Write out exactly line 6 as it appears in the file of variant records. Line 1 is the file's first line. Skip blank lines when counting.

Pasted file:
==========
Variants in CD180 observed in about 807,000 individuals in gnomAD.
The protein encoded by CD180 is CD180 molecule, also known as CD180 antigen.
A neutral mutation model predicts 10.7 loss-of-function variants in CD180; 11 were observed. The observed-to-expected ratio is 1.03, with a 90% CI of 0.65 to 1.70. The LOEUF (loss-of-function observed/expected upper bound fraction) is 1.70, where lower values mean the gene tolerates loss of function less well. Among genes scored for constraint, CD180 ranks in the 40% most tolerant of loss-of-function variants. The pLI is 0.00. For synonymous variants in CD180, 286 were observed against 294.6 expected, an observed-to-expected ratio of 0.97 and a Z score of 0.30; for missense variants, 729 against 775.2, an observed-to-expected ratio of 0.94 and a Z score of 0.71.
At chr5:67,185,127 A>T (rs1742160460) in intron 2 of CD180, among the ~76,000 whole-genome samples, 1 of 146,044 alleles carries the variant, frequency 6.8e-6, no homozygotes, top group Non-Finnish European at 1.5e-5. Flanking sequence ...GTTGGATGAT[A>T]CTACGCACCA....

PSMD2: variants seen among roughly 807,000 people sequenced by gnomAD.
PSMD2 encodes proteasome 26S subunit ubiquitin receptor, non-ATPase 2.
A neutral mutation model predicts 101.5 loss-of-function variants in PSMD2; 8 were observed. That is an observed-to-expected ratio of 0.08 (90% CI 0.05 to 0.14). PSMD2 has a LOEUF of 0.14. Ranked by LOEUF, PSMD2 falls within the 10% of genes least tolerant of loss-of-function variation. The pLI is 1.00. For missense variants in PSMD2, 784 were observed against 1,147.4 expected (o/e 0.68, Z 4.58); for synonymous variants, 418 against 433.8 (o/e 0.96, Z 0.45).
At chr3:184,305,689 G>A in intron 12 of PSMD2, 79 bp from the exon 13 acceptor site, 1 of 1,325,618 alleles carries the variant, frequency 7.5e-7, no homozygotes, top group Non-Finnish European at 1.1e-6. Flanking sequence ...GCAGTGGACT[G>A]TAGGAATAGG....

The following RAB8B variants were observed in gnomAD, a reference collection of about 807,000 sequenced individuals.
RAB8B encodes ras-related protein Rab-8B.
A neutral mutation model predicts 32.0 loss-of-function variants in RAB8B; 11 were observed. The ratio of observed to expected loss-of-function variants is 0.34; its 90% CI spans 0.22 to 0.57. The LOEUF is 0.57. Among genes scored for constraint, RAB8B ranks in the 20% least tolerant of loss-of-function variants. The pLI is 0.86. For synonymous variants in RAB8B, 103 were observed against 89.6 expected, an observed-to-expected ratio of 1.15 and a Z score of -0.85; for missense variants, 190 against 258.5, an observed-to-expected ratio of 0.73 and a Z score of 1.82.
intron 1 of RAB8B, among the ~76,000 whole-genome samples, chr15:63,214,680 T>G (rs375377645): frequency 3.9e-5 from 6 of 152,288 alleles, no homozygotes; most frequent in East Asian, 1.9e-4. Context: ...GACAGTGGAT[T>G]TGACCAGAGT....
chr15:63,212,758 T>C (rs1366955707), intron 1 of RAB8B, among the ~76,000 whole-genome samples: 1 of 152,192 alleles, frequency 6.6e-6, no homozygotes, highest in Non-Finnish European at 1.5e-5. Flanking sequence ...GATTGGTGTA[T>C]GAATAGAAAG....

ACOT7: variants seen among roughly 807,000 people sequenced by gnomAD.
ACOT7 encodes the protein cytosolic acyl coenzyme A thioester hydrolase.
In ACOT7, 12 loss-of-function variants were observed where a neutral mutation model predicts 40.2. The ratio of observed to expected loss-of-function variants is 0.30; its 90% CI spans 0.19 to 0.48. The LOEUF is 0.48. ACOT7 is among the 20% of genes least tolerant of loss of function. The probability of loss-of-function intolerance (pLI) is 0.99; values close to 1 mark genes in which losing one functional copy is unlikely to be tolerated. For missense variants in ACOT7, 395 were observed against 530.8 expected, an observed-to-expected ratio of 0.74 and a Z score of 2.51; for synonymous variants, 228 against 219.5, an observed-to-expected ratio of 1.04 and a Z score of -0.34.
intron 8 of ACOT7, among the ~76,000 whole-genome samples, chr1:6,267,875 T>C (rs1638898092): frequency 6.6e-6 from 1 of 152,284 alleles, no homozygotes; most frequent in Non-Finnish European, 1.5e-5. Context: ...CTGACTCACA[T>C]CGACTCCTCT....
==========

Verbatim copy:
PSMD2 encodes proteasome 26S subunit ubiquitin receptor, non-ATPase 2.